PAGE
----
• Reducing the final blow-moulding pressure results in compressed-air consumption for a 2.0 litre bottle of a mere 1,812 m³/h instead of the previous 2,455 m³/h.
• Recycling the final-blow-moulding air means that part of it can be used during the pressure- relief phase for pre-blowing and stretching. For a 2.5 litre bottle this cuts the blow-moulding air consumption from its previous 2,455 m³/h to a mere 2,198 m³/h.
• The previous consumption of stretching air, amounting to 174 m³/h, can be reduced to zero.
Krones also introduced it’s new NitroHotfill process – which it claims is the most cost-efficient option for PET hotfill applications. Process control is based on the newly developed “Relax-Cooling” (RC) concept, where the installation of a nitrogen injection dosing feature just before the capper creates a positive pressure of 1.5 to 2 bar inside the bottle. The positive bottle pressure compensates for the shrinkage in product volume downstream of the recooler, thus preventing any bottle deformation due to underpressure.
This means the panel design hitherto required to compensate for the vacuum pressure with hot-filled products can be dispensed with. The process can be utilised for the bottle production process in the Contiform H, which also enables aluminium moulds to be used, and reduces the machine’s air consumption dramatically.
The Relax-Cooling (RC) technology also enables the Contiform H’s flushing air consumption to be substantially reduced. This is the result of a small flow rate and a shorter flushing time.
Compressed Air Equipment at NPE2009
Hitachi America introduced their new third-party verified ISO 8573.1 Class Zero certification for their DSP Series oil-free rotary screw air compressors. The Class Zero verification tests were performed by Mitsubishi Chemical Analytech. The company also announced and expansion of their rotary screw product line to 300 horsepower with new 132 kW, 145 kW, 160 kW, 200 kW, and 240 kW models.
Atlas Copco featured their Class Zero capabilities prominently in their booth and offered customers free “walk-through surveys” – which drew a lot of interest. Renner Kompressoren, from Germany, announced their new partnership with Shrader to represent their air compressor product line in the U.S. They have just launched their 5-50 hp rotary screw, belt-drive, with available VFD, product line. Cameron had a booth where they displayed their oil-free, centrifugal compressors and also introduced their new MAESTRO suite of programmable centrifugal compressor controls.
AF Compressors introduced their new range of 7 - 16 bar, oil-free, piston air compressors. These air compressors are designed for the innovative “air recycling/recovery” systems they are working on with the different blow molding equipment manufacturers. Gardner Denver Bellis & Morcom displayed their PET Compressors designed for bottle blowing. GD Elmo Rietschle also displayed their vacuum and pressure solutions for the plastics industry.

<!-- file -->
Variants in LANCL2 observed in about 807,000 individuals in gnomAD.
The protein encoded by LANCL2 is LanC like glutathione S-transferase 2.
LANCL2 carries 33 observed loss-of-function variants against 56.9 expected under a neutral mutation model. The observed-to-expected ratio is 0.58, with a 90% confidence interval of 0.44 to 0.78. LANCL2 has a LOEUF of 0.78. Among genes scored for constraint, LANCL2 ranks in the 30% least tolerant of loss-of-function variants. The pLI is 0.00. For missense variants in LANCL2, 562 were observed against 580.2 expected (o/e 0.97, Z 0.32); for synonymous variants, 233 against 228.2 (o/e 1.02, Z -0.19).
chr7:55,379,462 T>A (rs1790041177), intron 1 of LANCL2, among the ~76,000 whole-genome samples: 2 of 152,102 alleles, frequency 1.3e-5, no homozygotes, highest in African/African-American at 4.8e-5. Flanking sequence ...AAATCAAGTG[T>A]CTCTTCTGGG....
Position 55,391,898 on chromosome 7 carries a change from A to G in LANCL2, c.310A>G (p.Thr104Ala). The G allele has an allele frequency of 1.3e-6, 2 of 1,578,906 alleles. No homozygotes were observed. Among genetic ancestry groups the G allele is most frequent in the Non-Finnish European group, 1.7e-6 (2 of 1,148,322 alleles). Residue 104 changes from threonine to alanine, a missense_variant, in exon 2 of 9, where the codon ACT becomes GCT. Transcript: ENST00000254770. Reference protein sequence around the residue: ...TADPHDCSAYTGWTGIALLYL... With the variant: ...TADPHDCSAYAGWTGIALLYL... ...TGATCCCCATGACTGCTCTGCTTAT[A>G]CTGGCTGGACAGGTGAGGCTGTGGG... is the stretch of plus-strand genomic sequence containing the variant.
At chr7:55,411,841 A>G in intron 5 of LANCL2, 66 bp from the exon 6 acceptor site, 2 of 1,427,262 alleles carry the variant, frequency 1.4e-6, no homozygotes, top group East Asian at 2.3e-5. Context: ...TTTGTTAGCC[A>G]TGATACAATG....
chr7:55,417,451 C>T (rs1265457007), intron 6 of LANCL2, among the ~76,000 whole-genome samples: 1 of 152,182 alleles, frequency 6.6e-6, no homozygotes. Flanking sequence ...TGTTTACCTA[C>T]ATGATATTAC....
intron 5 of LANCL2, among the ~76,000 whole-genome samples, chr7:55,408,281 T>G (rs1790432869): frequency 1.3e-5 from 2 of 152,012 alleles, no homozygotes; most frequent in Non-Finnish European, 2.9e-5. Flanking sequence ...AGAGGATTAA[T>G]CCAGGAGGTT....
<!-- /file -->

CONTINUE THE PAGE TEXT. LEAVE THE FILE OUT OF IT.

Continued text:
Kaeser Compressors had a large booth displaying many products including their Sigma Frequency Control (100 to 450 hp) air compressors featuring variable frequency/speed drive technology. Kaeser also diplayed their Sigma Air Manager designed to monitor and sequence up to 16 air compressors.
Vaisala had a booth where they displayed their DRYCAP® hand-held dewpoint meter. The unit is portable and designed to measure dewpoints ranging from -76 F to +140 F. Dekker Vacuum Technologies also displayed their newly launched P3 Commander, their newest advancement of control and monitoring of vacuum systems.
My apologies go out to the companies not mentioned due to lack of space in this article. Milacron is leading a very strong Sustainability initiative with their injection molding machines. Conair is introducing very energy efficient plastic-resin dryers. The chiller manufacturers, like Berg and Frigel, are driving down cooling system energy costs…..and so on.
I personally think the NPE shows are among the best industrial shows in the world, when one looks at the quality and volume of visitors – and the quality of the exhibits. Impressive to me was the degree of focus the packaging and bottling line manufacturers have on improving the energy efficiency of their equipment and processes. I am very much looking forward to NPE2012.
For more information, contact Rod Smith, Compressed Air Best Practices, email: firstname.lastname@example.org